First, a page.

Whether you’re a support coordinator, family member or other caregiver, being a stroke caregiver requires compassion, resilience, and continuous learning.
What is a stroke?
Strokes are caused by blocked blood flow to the brain (ischemic stroke) or sudden bleeding in the brain (hemorrhagic stroke).
In either case, parts of the brain become damaged or die. A stroke can cause lasting brain damage and long-term disability.
Changes after a stroke
Experiencing a stroke can lead to extreme, often uncomfortable impacts, on an individual’s life, encompassing both physical, cognitive and emotional changes.
On a physical level, stroke survivors may grapple with a range of challenges, including paralysis or weakness in specific body parts, impaired coordination, and difficulties with speech and swallowing. The severity and location of the stroke in the brain will determine the extent of these physical impairments.
Alongside these tangible changes, emotional shifts are often significant. The aftermath of a stroke can evoke feelings of frustration, fear, and vulnerability as individuals navigate a sudden loss of independence.
5 helpful tips for stroke caregivers
We spoke with Ability Partners Lead Occupational Therapist Chris Vella for some insights about caring for stroke survivors.
1. Facilitate Goal-Oriented Rehabilitation
Set clear, achievable goals for the stroke survivor’s rehabilitation journey. Working with healthcare professionals, establish realistic milestones that align with the individual’s capabilities and aspirations. These goals should cover physical, cognitive, and emotional aspects of recovery, fostering a sense of purpose and motivation.
Regularly reassess and adjust these goals as the recovery progresses. Celebrate small victories, and acknowledge the effort and determination demonstrated by the stroke survivor. Goal-oriented rehabilitation not only enhances physical recovery but also promotes a positive mindset and a sense of accomplishment.
2. Understand side effects of medications
Caregivers play a vital role in monitoring and managing the prescribed medications to ensure the best possible outcomes for the stroke survivor.
Stroke medications, such as blood thinners or drugs to control blood pressure, may carry side effects that range from mild to more severe.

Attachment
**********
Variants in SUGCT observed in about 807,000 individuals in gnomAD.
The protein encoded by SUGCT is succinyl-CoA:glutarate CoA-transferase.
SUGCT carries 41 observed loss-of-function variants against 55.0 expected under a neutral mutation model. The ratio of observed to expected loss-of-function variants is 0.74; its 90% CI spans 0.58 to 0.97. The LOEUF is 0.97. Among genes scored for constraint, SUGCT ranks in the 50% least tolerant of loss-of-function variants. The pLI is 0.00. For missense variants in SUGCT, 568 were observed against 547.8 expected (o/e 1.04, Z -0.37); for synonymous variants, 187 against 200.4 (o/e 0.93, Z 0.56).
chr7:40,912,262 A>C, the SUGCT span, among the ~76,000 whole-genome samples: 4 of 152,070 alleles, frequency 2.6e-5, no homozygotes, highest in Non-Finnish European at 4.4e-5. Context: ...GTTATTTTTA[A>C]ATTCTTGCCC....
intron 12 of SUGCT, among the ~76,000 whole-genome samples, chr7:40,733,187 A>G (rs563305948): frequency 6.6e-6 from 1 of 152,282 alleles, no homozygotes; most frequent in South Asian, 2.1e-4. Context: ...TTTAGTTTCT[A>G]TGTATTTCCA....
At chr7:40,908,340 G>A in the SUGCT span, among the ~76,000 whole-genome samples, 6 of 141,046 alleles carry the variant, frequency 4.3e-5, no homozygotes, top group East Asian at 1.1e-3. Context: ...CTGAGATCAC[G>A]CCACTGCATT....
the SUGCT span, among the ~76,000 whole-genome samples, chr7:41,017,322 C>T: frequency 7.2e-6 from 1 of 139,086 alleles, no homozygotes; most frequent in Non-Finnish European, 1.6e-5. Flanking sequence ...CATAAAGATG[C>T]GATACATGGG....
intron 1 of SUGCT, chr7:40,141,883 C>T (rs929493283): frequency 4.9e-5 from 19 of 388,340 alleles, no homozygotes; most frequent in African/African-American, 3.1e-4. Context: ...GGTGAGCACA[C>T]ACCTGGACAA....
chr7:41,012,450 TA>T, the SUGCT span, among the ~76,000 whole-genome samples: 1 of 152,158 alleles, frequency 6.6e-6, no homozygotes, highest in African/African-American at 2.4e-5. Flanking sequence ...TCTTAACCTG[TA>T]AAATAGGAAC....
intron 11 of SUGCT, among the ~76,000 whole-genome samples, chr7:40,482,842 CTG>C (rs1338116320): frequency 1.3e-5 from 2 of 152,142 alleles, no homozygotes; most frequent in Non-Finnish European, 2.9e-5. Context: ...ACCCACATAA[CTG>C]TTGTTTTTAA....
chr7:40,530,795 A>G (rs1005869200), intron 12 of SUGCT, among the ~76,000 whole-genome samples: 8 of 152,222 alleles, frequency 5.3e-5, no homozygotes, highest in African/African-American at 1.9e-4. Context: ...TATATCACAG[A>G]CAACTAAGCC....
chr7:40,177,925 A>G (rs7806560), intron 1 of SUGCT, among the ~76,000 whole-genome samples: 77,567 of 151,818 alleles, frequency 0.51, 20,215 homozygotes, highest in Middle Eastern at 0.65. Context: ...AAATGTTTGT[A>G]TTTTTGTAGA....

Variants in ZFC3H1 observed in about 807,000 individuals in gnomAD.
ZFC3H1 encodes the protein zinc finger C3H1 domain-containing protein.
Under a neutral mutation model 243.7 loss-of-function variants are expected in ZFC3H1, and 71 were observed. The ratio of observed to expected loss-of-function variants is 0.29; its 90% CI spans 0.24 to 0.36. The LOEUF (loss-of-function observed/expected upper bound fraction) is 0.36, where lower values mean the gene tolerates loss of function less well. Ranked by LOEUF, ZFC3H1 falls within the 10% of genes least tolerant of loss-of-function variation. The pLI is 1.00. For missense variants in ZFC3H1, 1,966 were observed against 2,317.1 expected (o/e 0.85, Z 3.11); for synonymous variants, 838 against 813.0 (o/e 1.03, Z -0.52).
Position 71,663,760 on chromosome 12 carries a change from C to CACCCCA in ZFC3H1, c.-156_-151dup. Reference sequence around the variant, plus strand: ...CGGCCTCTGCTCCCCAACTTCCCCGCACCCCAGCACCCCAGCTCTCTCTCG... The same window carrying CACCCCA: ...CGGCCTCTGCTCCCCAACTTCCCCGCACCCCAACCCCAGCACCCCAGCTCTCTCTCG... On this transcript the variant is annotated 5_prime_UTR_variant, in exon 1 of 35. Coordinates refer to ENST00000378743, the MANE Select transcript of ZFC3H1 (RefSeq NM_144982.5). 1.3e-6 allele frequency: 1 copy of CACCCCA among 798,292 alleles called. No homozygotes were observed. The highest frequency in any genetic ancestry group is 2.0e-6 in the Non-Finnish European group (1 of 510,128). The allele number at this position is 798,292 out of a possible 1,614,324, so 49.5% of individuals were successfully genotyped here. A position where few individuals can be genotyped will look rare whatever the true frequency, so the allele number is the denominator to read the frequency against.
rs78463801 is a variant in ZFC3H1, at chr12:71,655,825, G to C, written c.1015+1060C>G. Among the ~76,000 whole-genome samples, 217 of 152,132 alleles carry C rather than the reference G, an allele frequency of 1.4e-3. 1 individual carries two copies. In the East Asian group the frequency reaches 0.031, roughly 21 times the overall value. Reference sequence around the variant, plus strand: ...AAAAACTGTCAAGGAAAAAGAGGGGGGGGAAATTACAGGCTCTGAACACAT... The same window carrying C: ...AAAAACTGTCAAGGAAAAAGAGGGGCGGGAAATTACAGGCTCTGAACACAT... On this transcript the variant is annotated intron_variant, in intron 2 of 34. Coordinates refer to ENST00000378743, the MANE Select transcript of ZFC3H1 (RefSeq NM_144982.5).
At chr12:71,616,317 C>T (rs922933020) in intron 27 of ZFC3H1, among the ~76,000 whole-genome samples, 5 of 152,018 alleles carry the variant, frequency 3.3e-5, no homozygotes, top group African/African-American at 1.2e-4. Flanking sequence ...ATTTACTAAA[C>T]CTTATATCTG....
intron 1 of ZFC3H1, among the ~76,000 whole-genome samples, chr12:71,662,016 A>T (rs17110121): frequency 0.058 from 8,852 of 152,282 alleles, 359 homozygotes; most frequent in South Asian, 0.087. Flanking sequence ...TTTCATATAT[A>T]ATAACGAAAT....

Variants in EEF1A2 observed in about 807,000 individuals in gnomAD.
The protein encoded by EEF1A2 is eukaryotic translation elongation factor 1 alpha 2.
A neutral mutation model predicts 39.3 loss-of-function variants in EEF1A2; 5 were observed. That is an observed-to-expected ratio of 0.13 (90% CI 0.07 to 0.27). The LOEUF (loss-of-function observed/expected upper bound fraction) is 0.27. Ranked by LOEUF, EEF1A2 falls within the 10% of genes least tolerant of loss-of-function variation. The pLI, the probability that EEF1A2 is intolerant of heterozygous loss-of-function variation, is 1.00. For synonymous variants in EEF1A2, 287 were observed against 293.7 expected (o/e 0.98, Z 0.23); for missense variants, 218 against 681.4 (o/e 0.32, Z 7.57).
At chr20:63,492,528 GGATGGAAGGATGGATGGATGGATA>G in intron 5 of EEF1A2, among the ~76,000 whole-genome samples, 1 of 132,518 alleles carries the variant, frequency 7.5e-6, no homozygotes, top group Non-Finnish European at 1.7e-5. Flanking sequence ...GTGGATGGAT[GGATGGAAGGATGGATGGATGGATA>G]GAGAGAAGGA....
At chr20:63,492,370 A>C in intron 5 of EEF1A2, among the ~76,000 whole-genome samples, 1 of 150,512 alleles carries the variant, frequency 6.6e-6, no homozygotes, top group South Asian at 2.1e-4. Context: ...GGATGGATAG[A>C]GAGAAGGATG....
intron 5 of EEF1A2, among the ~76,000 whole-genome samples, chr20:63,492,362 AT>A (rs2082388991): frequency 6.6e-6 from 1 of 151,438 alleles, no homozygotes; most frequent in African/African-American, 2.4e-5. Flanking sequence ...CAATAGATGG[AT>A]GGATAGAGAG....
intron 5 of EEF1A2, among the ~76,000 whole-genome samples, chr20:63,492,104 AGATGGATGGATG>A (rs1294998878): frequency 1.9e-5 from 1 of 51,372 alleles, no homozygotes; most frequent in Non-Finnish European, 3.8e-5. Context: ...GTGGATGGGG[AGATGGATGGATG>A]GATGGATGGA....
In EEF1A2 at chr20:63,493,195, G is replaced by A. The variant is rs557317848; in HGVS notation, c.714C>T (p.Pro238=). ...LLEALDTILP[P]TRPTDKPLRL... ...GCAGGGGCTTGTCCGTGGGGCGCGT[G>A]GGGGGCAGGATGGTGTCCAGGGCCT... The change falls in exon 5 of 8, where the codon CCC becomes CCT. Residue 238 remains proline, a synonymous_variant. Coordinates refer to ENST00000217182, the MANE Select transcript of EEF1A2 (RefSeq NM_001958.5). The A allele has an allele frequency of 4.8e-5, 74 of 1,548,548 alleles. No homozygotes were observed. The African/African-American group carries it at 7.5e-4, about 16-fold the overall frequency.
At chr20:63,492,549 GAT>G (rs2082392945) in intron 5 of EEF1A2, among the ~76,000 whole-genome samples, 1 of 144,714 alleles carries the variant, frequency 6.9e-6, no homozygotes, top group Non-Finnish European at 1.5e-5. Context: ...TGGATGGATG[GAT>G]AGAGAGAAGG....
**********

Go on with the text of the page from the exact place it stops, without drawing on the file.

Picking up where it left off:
Common side effects could include fatigue, dizziness, gastrointestinal issues, or changes in mood. It is imperative for caregivers to be well-informed about these potential reactions, recognising when to seek medical advice and understanding the importance of medication adherence.
Open communication with healthcare professionals, attending regular follow-up appointments, and staying vigilant for any unusual symptoms enable caregivers to provide effective support, contributing to the overall well-being and recovery of the stroke survivor.
3. Be patient
Remember to do with, not for.
While the instinct to complete tasks for the stroke survivor may arise from a place of care and concern, it is crucial for caregivers to exercise patience.
Encouraging independence is a vital aspect of stroke rehabilitation, and completing tasks on behalf of the survivor may inadvertently hinder their progress. Instead, caregivers should provide support, guidance, and motivation, allowing the
stroke survivor to actively engage in activities to the best of their
Patience not only facilitates the development of the survivor’s skills but also fosters a sense of accomplishment, boosting their confidence and contributing to a more positive and empowering recovery experience.
4. Emphasise Holistic Care
Stroke recovery is a multifaceted journey that goes beyond physical rehabilitation.
As a caregiver, it’s crucial to embrace a holistic approach to care, addressing not only the physical aspects but also the emotional and psychological well-being of the stroke survivor.
Collaborate with a diverse team of healthcare professionals to develop a comprehensive care
plan tailored to the unique needs of the individual. Ability Partners offers a wide range of services.
5. Consider using EDNA Therapy
You might have heard of our world first game-changing stroke software, EDNA.
EDNA, or Elements by Dynamic Neural Arts, is therapy made interactive. The game-like software tasks, tangible and graspable tools, and augmented feedback improve the motor function and cognitive skills of those who have suffered a stroke.
In clinical trials, EDNA has been shown to be improve upper-limb and cognitive function more than standard therapies, even over short periods of use.
Together, we can create a supportive environment that promotes the well-being and independence of stroke survivors.
If you need help supporting a stroke survivor, contact us today.